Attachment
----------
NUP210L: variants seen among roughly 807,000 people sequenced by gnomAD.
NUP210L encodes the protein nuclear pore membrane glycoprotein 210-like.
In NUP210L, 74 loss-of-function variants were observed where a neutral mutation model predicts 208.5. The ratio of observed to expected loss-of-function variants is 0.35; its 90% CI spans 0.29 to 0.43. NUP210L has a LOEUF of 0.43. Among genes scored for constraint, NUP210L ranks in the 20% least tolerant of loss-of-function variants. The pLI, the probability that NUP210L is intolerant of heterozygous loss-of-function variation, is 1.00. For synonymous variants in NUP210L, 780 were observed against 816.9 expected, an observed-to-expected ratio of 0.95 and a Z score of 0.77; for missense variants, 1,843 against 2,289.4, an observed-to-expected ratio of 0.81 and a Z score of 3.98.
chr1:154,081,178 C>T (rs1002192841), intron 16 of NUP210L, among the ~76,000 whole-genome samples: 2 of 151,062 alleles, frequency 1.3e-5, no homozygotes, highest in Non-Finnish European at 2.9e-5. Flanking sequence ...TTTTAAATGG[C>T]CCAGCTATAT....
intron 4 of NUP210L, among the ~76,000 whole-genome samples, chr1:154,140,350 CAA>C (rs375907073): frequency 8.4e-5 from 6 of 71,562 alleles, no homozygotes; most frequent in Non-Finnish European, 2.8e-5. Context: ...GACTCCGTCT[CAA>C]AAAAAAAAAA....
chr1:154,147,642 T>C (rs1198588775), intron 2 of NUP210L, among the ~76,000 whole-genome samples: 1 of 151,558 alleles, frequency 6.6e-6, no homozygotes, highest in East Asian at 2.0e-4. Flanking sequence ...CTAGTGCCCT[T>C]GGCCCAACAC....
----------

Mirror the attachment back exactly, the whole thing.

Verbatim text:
NUP210L: variants seen among roughly 807,000 people sequenced by gnomAD.
NUP210L encodes the protein nuclear pore membrane glycoprotein 210-like.
In NUP210L, 74 loss-of-function variants were observed where a neutral mutation model predicts 208.5. The ratio of observed to expected loss-of-function variants is 0.35; its 90% CI spans 0.29 to 0.43. NUP210L has a LOEUF of 0.43. Among genes scored for constraint, NUP210L ranks in the 20% least tolerant of loss-of-function variants. The pLI, the probability that NUP210L is intolerant of heterozygous loss-of-function variation, is 1.00. For synonymous variants in NUP210L, 780 were observed against 816.9 expected, an observed-to-expected ratio of 0.95 and a Z score of 0.77; for missense variants, 1,843 against 2,289.4, an observed-to-expected ratio of 0.81 and a Z score of 3.98.
chr1:154,081,178 C>T (rs1002192841), intron 16 of NUP210L, among the ~76,000 whole-genome samples: 2 of 151,062 alleles, frequency 1.3e-5, no homozygotes, highest in Non-Finnish European at 2.9e-5. Flanking sequence ...TTTTAAATGG[C>T]CCAGCTATAT....
intron 4 of NUP210L, among the ~76,000 whole-genome samples, chr1:154,140,350 CAA>C (rs375907073): frequency 8.4e-5 from 6 of 71,562 alleles, no homozygotes; most frequent in Non-Finnish European, 2.8e-5. Context: ...GACTCCGTCT[CAA>C]AAAAAAAAAA....
chr1:154,147,642 T>C (rs1198588775), intron 2 of NUP210L, among the ~76,000 whole-genome samples: 1 of 151,558 alleles, frequency 6.6e-6, no homozygotes, highest in East Asian at 2.0e-4. Flanking sequence ...CTAGTGCCCT[T>C]GGCCCAACAC....